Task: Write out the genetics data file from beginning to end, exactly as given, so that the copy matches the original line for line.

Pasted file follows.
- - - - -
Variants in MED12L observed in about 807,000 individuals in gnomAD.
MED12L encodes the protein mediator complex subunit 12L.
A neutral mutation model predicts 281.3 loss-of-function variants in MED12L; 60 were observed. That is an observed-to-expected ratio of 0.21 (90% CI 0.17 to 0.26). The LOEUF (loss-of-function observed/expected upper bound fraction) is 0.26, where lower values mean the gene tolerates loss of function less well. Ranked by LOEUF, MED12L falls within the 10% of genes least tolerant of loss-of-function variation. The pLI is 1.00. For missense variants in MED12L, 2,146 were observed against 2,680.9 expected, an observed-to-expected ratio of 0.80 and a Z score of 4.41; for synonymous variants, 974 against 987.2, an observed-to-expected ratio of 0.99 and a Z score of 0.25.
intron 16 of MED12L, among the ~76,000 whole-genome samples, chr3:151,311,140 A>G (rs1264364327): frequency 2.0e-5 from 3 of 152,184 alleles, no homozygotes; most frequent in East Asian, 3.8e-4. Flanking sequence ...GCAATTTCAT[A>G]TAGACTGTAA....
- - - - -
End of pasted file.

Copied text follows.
Variants in MED12L observed in about 807,000 individuals in gnomAD.
MED12L encodes the protein mediator complex subunit 12L.
A neutral mutation model predicts 281.3 loss-of-function variants in MED12L; 60 were observed. That is an observed-to-expected ratio of 0.21 (90% CI 0.17 to 0.26). The LOEUF (loss-of-function observed/expected upper bound fraction) is 0.26, where lower values mean the gene tolerates loss of function less well. Ranked by LOEUF, MED12L falls within the 10% of genes least tolerant of loss-of-function variation. The pLI is 1.00. For missense variants in MED12L, 2,146 were observed against 2,680.9 expected, an observed-to-expected ratio of 0.80 and a Z score of 4.41; for synonymous variants, 974 against 987.2, an observed-to-expected ratio of 0.99 and a Z score of 0.25.
intron 16 of MED12L, among the ~76,000 whole-genome samples, chr3:151,311,140 A>G (rs1264364327): frequency 2.0e-5 from 3 of 152,184 alleles, no homozygotes; most frequent in East Asian, 3.8e-4. Flanking sequence ...GCAATTTCAT[A>G]TAGACTGTAA....